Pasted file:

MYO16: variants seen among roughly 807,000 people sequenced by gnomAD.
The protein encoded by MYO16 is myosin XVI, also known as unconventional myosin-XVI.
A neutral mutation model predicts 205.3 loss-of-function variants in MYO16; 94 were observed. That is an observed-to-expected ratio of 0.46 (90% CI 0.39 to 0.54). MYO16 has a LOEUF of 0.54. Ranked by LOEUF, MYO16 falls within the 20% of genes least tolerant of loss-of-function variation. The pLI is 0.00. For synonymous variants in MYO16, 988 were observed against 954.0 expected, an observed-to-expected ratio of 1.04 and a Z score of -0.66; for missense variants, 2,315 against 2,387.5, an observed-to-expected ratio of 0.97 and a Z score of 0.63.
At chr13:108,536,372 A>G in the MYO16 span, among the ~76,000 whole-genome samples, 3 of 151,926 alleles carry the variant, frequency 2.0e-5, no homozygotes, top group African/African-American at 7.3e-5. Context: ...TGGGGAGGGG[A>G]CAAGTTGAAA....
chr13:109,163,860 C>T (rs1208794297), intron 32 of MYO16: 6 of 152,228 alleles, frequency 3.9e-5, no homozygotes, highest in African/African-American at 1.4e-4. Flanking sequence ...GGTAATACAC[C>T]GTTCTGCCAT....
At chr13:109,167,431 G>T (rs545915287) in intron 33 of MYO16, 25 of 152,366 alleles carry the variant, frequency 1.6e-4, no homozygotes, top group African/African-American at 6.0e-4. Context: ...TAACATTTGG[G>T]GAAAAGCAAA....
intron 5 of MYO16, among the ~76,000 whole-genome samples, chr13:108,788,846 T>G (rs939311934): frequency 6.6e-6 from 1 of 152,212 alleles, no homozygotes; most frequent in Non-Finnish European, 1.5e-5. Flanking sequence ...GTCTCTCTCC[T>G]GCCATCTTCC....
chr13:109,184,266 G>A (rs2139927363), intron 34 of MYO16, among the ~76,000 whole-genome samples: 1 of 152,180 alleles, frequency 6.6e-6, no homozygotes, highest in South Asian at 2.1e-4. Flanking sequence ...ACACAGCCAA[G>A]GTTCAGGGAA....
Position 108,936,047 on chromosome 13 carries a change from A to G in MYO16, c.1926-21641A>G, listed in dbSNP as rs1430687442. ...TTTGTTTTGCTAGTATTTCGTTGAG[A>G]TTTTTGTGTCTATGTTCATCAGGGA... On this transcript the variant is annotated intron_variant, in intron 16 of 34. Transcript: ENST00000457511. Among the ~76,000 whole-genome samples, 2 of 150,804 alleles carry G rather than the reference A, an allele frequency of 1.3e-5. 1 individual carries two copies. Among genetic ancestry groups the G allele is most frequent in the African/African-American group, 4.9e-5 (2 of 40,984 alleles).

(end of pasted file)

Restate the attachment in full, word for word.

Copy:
MYO16: variants seen among roughly 807,000 people sequenced by gnomAD.
The protein encoded by MYO16 is myosin XVI, also known as unconventional myosin-XVI.
A neutral mutation model predicts 205.3 loss-of-function variants in MYO16; 94 were observed. That is an observed-to-expected ratio of 0.46 (90% CI 0.39 to 0.54). MYO16 has a LOEUF of 0.54. Ranked by LOEUF, MYO16 falls within the 20% of genes least tolerant of loss-of-function variation. The pLI is 0.00. For synonymous variants in MYO16, 988 were observed against 954.0 expected, an observed-to-expected ratio of 1.04 and a Z score of -0.66; for missense variants, 2,315 against 2,387.5, an observed-to-expected ratio of 0.97 and a Z score of 0.63.
At chr13:108,536,372 A>G in the MYO16 span, among the ~76,000 whole-genome samples, 3 of 151,926 alleles carry the variant, frequency 2.0e-5, no homozygotes, top group African/African-American at 7.3e-5. Context: ...TGGGGAGGGG[A>G]CAAGTTGAAA....
chr13:109,163,860 C>T (rs1208794297), intron 32 of MYO16: 6 of 152,228 alleles, frequency 3.9e-5, no homozygotes, highest in African/African-American at 1.4e-4. Flanking sequence ...GGTAATACAC[C>T]GTTCTGCCAT....
At chr13:109,167,431 G>T (rs545915287) in intron 33 of MYO16, 25 of 152,366 alleles carry the variant, frequency 1.6e-4, no homozygotes, top group African/African-American at 6.0e-4. Context: ...TAACATTTGG[G>T]GAAAAGCAAA....
intron 5 of MYO16, among the ~76,000 whole-genome samples, chr13:108,788,846 T>G (rs939311934): frequency 6.6e-6 from 1 of 152,212 alleles, no homozygotes; most frequent in Non-Finnish European, 1.5e-5. Flanking sequence ...GTCTCTCTCC[T>G]GCCATCTTCC....
chr13:109,184,266 G>A (rs2139927363), intron 34 of MYO16, among the ~76,000 whole-genome samples: 1 of 152,180 alleles, frequency 6.6e-6, no homozygotes, highest in South Asian at 2.1e-4. Flanking sequence ...ACACAGCCAA[G>A]GTTCAGGGAA....
Position 108,936,047 on chromosome 13 carries a change from A to G in MYO16, c.1926-21641A>G, listed in dbSNP as rs1430687442. ...TTTGTTTTGCTAGTATTTCGTTGAG[A>G]TTTTTGTGTCTATGTTCATCAGGGA... On this transcript the variant is annotated intron_variant, in intron 16 of 34. Transcript: ENST00000457511. Among the ~76,000 whole-genome samples, 2 of 150,804 alleles carry G rather than the reference A, an allele frequency of 1.3e-5. 1 individual carries two copies. Among genetic ancestry groups the G allele is most frequent in the African/African-American group, 4.9e-5 (2 of 40,984 alleles).